In the case of the escrow account laws, penalties are set out that allow the respective competent authorities in the relevant emirates to levy fines and/or seek an order for terms of imprisonment against those who breach these laws. If there has been a violation by any party of the escrow account laws then without prejudice to any punishments stipulated by other legislation [for example the civil code or the penal code], fines and/or imprisonment may be imposed. Such breaches cover a wide range of issues, including embezzlement or use without justification of funds collected for the construction of real estate projects.
So far as we are aware no other emirates in the UAE currently operate laws similar to the escrow account laws, although we understand that Abu Dhabi is close to issuing one. Accordingly, in other emirates, the use to which the developer can put funds paid in respect of off-plan properties will be governed by the particulars of the agreements between the parties and general principles of law. If the agreement has no restriction on the use to which the developer can put funds paid as a deposit, then the developer may argue it is able to use those funds for any corporate purposes and the purchaser's remedies lie in general breach of contract if as a result of that action the development project is not delivered within the time frames specified in the agreement.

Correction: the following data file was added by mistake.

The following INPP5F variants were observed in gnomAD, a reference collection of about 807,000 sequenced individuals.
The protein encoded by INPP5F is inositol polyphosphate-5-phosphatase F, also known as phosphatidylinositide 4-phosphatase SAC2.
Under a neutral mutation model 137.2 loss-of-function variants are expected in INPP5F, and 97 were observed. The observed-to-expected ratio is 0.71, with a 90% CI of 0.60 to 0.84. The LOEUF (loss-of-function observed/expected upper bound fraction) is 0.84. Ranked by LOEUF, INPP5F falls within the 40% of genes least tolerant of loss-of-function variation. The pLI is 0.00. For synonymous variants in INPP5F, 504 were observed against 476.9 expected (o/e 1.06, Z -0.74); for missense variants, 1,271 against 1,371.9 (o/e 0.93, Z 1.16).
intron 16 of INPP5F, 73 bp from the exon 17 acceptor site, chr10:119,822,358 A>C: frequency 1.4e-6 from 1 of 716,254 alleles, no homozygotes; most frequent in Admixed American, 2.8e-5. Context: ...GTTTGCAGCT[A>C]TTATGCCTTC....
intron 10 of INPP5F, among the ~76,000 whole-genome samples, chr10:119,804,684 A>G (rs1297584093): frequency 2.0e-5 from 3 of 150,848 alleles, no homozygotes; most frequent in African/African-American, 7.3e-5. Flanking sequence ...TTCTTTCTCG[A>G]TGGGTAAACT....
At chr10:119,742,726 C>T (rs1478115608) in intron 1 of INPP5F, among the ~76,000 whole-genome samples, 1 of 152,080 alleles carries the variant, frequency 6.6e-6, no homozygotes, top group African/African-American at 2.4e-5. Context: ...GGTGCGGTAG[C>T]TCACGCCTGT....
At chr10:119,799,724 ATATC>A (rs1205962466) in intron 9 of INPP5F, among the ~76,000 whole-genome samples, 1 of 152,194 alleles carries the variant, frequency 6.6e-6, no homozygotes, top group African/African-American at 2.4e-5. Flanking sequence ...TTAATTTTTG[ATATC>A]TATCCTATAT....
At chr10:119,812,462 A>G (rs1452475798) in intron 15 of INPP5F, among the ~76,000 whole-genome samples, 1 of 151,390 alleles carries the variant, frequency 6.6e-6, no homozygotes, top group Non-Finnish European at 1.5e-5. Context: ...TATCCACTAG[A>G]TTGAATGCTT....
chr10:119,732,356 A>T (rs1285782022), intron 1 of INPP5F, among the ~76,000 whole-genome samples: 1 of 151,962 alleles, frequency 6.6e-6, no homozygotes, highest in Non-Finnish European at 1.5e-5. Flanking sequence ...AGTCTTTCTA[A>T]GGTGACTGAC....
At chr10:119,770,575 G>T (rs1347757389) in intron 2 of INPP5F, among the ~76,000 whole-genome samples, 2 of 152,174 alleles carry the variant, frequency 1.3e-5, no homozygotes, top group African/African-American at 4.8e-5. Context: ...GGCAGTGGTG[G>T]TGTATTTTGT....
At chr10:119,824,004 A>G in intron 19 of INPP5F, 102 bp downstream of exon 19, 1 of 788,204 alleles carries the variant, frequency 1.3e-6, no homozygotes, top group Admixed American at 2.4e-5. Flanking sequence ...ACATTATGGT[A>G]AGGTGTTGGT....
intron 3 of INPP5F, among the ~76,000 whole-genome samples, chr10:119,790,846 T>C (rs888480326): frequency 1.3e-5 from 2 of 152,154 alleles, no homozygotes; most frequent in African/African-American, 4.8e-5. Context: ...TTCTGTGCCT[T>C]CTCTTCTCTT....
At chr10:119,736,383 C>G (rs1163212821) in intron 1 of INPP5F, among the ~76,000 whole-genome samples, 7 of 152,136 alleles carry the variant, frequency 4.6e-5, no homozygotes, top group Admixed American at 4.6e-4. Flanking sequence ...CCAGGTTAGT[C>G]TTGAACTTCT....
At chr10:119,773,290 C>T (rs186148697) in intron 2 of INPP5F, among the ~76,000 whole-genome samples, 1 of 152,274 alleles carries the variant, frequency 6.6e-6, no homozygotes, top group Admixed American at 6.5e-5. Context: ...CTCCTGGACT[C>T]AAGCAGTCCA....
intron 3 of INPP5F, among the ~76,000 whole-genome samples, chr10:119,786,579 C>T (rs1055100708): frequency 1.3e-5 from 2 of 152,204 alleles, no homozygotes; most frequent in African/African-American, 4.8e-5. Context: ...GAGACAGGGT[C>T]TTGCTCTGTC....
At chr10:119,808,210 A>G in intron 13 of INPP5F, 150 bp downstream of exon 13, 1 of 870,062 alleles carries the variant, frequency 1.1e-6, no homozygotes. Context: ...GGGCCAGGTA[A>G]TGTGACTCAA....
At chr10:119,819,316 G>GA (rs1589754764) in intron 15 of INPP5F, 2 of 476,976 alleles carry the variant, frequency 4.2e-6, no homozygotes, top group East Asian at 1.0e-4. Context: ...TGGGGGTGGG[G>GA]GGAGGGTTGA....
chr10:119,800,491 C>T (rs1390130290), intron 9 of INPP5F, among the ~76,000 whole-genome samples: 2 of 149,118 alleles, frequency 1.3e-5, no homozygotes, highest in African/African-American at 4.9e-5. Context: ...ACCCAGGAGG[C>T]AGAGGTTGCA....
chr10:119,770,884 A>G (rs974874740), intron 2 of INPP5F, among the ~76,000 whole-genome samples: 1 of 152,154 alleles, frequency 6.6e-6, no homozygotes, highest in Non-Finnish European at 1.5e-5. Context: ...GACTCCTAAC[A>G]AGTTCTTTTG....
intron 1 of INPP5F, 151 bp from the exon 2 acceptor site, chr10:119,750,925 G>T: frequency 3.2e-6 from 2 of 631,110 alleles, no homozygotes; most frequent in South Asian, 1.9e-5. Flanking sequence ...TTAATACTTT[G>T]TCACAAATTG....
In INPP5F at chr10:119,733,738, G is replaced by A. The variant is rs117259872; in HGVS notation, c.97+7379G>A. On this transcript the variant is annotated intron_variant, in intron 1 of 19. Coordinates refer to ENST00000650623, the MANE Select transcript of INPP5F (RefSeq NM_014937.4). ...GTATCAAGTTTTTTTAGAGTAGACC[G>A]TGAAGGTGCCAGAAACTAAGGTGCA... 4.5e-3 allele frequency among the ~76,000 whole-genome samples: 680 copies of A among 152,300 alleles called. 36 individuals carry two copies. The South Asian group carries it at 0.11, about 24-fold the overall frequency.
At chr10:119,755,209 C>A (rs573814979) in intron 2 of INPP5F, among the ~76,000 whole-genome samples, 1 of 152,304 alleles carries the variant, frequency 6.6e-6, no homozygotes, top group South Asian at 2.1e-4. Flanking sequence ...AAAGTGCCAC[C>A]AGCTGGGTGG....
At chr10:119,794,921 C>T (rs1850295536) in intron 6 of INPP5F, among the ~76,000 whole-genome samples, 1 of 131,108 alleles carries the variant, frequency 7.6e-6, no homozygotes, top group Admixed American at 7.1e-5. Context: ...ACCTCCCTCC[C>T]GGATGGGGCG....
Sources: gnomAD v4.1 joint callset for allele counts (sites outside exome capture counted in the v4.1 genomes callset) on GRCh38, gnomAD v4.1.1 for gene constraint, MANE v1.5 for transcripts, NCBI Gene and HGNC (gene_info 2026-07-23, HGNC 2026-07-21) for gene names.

It is also worth noting that in addition, Article 404 of Federal law No3 of 1987 (Penal Code) generally makes it a criminal offence for a party who has been given funds on trust for a certain purpose to use those funds for another purpose, which could be a breach of trust or fraud and there are a range of criminal penalties for breaching the Penal Code. The ability to sustain a claim under the Penal Code, however, will be dependent on whether it was clear from the agreement that the specific funds paid by the purchasers were to be used solely for the development or whether they would constitute the general funds of the developer and subsequently the developer could substitute or replace those funds. Please note that delays concerning real estate projects are usually a breach of contract issue.